One of the most concerning symptoms of stomatitis in cats is weight loss. This occurs because the painful ulcers in the mouth make it difficult for the cat to eat normally. As the condition worsens, the cat may start avoiding food altogether due to discomfort. This can lead to rapid weight loss in a short period of time.

Cats suffering from stomatitis may lose their appetite entirely, or they may eat less food at each meal because chewing and swallowing is too painful. Some cats may chew food but then spit it out because they cannot tolerate swallowing it. Whatever the specific cause, reduced caloric intake leads to weight loss and even emaciation in severe cases.

It’s important for cat owners to monitor their pet’s weight closely and watch for any decreases that could indicate an underlying health issue like stomatitis. Sudden or rapid weight loss in cats is always a cause for concern and warrants a veterinary visit for diagnosis and treatment. The sooner stomatitis can be identified and treated, the sooner the cat’s appetite and weight are likely to return to normal.

Bad Breath

One of the most common symptoms of stomatitis in cats is foul-smelling breath, also called halitosis. This is often one of the first signs that cat owners notice. Cats with stomatitis frequently have a very strong, unpleasant odor coming from their mouths (Gingivitis and Stomatitis in Cats – VCA Animal Hospitals).

The foul breath is caused by bacteria and inflammation in the mouth. As the condition worsens, more severe dental disease and oral ulcers develop, producing a very strong, often unbearable rotten smell. Owners describe the breath as smelling like garbage or feces. The odor often makes owners reluctant to interact closely with their cats. Severe halitosis can persist even after the stomatitis is treated (Stomatitis).

Bleeding Gums

One of the most obvious symptoms of stomatitis in cats is bleeding from the gums. This occurs because the inflammation causes the gums to become swollen and ulcerated, which leads to easy bleeding. Even minimal pressure or irritation while eating can cause the inflamed gums to start bleeding. According to veterinarians at Cornell University’s College of Veterinary Medicine, bleeding gums are a “salient clinical sign” of stomatitis in cats (citeurl).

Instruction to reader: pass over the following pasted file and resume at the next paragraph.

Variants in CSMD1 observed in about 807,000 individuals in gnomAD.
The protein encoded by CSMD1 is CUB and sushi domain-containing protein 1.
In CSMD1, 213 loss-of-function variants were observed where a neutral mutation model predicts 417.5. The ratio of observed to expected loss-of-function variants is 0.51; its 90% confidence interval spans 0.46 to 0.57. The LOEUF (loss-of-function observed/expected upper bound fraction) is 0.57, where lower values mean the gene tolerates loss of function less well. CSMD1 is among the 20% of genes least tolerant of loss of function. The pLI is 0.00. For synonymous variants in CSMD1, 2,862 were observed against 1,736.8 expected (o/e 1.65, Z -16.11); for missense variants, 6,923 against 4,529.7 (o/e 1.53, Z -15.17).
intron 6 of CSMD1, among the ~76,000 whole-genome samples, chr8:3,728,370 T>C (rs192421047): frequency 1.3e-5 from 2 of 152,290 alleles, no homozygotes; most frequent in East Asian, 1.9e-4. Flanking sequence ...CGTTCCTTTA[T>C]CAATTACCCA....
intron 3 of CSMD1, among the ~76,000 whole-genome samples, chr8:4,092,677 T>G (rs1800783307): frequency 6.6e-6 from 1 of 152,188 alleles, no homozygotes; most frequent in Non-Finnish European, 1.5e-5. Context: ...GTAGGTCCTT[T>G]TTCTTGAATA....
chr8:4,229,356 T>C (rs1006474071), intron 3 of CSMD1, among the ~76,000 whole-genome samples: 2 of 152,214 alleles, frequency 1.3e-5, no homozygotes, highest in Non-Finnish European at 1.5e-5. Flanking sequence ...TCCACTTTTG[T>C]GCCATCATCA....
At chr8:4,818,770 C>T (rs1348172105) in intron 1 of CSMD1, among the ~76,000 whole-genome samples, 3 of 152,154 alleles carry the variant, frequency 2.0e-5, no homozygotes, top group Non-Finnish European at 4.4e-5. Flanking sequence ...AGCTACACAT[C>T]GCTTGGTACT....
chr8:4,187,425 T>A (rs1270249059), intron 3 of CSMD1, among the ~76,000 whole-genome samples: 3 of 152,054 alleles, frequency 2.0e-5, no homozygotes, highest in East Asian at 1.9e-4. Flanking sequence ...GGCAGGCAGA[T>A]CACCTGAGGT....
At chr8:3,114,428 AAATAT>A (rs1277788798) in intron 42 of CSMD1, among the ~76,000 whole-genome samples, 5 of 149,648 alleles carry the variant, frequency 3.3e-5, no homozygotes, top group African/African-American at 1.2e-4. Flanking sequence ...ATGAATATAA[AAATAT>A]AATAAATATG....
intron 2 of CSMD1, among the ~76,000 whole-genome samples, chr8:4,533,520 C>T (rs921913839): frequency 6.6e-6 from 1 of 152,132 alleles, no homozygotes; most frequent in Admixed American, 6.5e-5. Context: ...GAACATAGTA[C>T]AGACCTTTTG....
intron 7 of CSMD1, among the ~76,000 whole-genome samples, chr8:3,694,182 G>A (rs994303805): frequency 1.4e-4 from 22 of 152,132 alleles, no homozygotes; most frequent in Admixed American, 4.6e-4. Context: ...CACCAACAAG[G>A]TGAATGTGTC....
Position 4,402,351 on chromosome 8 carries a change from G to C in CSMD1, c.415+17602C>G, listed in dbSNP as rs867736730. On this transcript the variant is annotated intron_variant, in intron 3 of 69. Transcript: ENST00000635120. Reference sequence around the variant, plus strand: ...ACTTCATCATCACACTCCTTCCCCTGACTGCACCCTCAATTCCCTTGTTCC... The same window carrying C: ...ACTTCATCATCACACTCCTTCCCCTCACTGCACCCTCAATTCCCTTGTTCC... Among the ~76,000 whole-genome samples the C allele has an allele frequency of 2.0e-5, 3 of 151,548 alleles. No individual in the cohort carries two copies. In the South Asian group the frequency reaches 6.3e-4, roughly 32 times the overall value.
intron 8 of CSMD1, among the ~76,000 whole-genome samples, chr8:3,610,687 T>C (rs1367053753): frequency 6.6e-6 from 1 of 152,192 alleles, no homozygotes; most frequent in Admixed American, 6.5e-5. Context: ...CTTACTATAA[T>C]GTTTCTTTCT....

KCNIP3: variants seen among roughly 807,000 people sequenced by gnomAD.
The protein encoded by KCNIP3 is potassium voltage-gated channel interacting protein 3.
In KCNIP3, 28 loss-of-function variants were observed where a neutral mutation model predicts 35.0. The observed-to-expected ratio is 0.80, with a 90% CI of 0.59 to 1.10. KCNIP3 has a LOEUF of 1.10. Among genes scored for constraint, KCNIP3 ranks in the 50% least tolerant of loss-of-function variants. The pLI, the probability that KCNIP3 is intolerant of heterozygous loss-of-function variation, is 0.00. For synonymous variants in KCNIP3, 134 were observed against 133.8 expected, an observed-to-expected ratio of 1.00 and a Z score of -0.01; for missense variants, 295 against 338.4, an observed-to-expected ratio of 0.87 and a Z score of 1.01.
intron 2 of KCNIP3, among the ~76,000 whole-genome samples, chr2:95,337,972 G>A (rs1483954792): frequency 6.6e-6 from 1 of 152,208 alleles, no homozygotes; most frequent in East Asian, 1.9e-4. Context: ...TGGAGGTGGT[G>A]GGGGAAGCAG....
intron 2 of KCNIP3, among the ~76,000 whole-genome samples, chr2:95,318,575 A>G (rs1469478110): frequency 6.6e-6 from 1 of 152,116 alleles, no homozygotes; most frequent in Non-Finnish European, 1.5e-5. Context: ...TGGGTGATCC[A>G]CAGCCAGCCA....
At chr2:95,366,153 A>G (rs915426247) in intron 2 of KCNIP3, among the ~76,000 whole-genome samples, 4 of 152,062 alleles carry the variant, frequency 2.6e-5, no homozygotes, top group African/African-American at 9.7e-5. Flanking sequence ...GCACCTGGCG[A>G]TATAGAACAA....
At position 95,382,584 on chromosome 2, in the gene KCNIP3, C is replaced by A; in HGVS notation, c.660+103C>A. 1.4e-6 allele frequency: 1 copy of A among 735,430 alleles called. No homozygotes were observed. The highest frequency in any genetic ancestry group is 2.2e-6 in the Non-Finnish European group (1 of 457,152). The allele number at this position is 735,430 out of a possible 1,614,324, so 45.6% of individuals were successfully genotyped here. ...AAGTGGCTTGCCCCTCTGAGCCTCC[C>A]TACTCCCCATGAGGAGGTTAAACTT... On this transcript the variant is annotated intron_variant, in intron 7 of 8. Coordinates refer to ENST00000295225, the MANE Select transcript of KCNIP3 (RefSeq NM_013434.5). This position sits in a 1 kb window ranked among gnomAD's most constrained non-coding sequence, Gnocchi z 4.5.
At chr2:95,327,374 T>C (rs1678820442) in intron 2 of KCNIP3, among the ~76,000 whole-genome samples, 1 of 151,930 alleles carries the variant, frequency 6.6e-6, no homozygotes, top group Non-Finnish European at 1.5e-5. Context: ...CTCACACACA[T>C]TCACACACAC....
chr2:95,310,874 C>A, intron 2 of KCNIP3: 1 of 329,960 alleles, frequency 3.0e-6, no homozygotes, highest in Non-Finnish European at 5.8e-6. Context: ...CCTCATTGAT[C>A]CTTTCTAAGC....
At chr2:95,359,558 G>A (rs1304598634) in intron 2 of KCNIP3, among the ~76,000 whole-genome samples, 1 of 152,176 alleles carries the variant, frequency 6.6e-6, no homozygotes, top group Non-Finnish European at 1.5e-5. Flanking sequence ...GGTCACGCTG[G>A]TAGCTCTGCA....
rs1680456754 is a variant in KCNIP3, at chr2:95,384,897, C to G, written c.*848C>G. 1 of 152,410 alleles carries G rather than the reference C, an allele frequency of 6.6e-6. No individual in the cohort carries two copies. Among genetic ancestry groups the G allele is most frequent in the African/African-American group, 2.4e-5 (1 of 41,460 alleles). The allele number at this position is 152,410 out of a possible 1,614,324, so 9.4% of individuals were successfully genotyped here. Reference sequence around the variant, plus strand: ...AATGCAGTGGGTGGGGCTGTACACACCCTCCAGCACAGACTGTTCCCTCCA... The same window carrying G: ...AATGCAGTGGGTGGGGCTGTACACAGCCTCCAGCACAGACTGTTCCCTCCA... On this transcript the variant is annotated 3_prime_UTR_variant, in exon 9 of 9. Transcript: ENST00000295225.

Owners may notice blood on their cat’s food bowls, toys, bedding, or even streaks of blood trailing from the mouth. Bleeding episodes can range from mild to severe depending on the extent of inflammation. In severe cases, owners describe the mouth looking filled with blood after eating (citeurl2).

While some mild gum inflammation and occasional bleeding can occur with routine gingivitis, consistent bleeding episodes point to the more serious stomatitis inflammation. It’s important for cat owners to monitor their pet’s oral health and contact their veterinarian if bleeding gums persist beyond a day or two, as stomatitis requires professional treatment.

Pawing at Mouth

One common symptom of stomatitis in cats is excessive pawing at the mouth due to discomfort and pain. Cats will repeatedly scratch at their mouths, even when not eating, in an attempt to soothe painful oral inflammation and ulcers. This pawing behavior is a clear sign that something is wrong and the cat is trying to alleviate irritation in its mouth. According to this article, pawing at the mouth is often one of the first signs a pet owner will notice when their cat has stomatitis.


There are several common treatment options for stomatitis in cats:1

Steroids like prednisolone are commonly prescribed to reduce inflammation and provide pain relief. Antibiotics may also be used to control secondary infections. However, steroids and antibiotics only treat the symptoms, not the underlying cause.2

Professional dental cleanings can remove plaque and tartar to improve oral health. But inflammation usually returns unless the teeth are extracted.3

The most effective treatment is full mouth tooth extraction surgery to remove all teeth and eliminate the source of irritation. Cats generally recover well and adapt quickly to life without teeth.